Riley Barber Turns Heads, Makes USA WJC Camp

Riley Barber against Brandon Anselmini of Ferris State. (Photo credit: Rachel Lewis / Triple Deke Photography)

It’s easy to be overlooked when you’re a sixth-round pick in the NHL draft. From 2000 to 2011, only one in five sixth-round selections ever suited up for a NHL game. But for Washington Capitals prospect Riley Barber, being the underdog seems to work in his favor.

After missing a 45-man Evaluation Camp roster in August, Barber, on Monday, was named to the United States’ preliminary 27-man roster for the 2013 World Junior Championships.   These 27 players will meet in Tarrytown, New York on December 16-18th to determine who will represent the US in Ufa, Russia this year.

Barber, a first overall pick by the Dubuque Fighting Saints at the 2010 USHL Draft, made this giant leap in the depth chart by putting on a show playing for the third-ranked Miami University RedHawks of the CCHA this season. The 18-year-old right wing currently leads all freshmen in college hockey with 18 points in 14 games, also good for third amongst NCAA players drafted by NHL teams. Barber has been held off the scoresheet just twice in those fourteen contests.

RedHawks’ coach Enrico Blasi recently described Barber’s play to CollegeHockeyNews: “Riley has very good vision and anticipates plays well. He also has a pretty good touch around the net.”

Barber’s goal against Alaska is at 1:20.

The Capitals’ director of amateur scouting, Ross Mahoney, talked about Barber’s play to Hockey Prospect Radio on NHL radio: “We’re really happy with his play [so far this year],” he said. “Not only is he up there in the freshman scoring, he’s also up there in [overall]. Riley has gone off to a tremendous start.”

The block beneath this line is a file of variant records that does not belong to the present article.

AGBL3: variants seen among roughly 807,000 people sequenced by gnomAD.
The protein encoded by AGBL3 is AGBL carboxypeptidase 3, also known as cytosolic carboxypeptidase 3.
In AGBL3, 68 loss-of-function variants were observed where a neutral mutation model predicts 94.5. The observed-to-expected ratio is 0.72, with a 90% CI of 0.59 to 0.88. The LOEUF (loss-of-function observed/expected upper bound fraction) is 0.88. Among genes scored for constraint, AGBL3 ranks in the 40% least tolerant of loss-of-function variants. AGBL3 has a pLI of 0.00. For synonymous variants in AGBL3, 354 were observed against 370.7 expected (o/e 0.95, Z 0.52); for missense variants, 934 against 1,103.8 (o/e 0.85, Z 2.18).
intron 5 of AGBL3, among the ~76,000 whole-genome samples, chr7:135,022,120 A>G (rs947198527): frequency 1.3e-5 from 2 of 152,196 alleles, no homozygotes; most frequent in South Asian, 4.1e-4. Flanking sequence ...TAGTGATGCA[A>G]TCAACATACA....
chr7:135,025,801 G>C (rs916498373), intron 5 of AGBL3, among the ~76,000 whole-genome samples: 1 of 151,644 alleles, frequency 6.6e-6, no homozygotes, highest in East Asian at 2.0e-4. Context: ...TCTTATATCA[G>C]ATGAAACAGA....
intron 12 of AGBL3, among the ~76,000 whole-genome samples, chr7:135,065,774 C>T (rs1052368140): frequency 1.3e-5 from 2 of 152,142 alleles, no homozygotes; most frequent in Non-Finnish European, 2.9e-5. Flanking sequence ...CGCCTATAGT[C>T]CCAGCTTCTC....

Mahoney also talked about Barber’s style of play and past achievements: “He’s very good from the top of the circles,” Mahoney said. “He’s got really good hands, and he’s very strong on the puck, and he has the ability to score. We’re happy with his development.”

Hosts Russ Cohen, also praised Barber’s play: “The one thing I’ve noticed is that he’s not afraid to shoot the puck,” Cohen said. “He’s really good on the power play, good in both ends. You’ve gotta like his skating and even when he plays in the system where he cycles the puck he does very well in that, too.”

Barber’s powerplay goal against Northern Michigan is a shining example of how valuable he can be with the man advantage:

Barber’s goal at the 0:43 mark.

In November, Barber talked to The Pipeline Show.

“It feels great,” said Barber about leading freshmen in points. “I can’t thank my coaches enough for giving me this opportunity. I worked really hard this summer to get in shape to be able to do this, so I’m really excited”.

Just like another Caps top college prospect, Patrick Wey, Riley Barber grew up in a Pittsburgh area. As a Penguins fan.

“It’s pretty ironic,” Barber said of his getting drafted by his favorite team’s rival. “My uncle loves the Penguins, has season tickets, he said ‘Please, don’t get drafted by Philly or Washington.’ I get drafted by Washington, and now he’s getting gear and coming down, hopefully, to watch a game one day. It changed my whole family’s favorite team to the Capitals.” Barber continued, “It’s pretty hard seeing the Penguins now, but I have so much Penguins gear from back when I was little, I don’t even think I can wear it around, [and I won’t wear it at training camp] for sure.”

Gert, three weeks before his owner was selected by the Capitals. (Photo credit: Riley Barber’s twitter)

“My style of play is to work hard and make plays,” Barber said when asked how he describes himself as a player. “When you’re moving and hitting, you make a lot of stuff happen. That’s what I’m trying to do this year. Trying to be in the shape where I can just go hard for 45 seconds and buzz around and make stuff happen.”

Riley Barber (left) won gold with Team USA on U18 Worlds last year. (Photo credit: Jana Chytilova / IIHF)

Riley Barber (#11) to Alex Guptill of University of Michigan: “I must break you”. (Photo credit: Rachel Lewis via USCHO)

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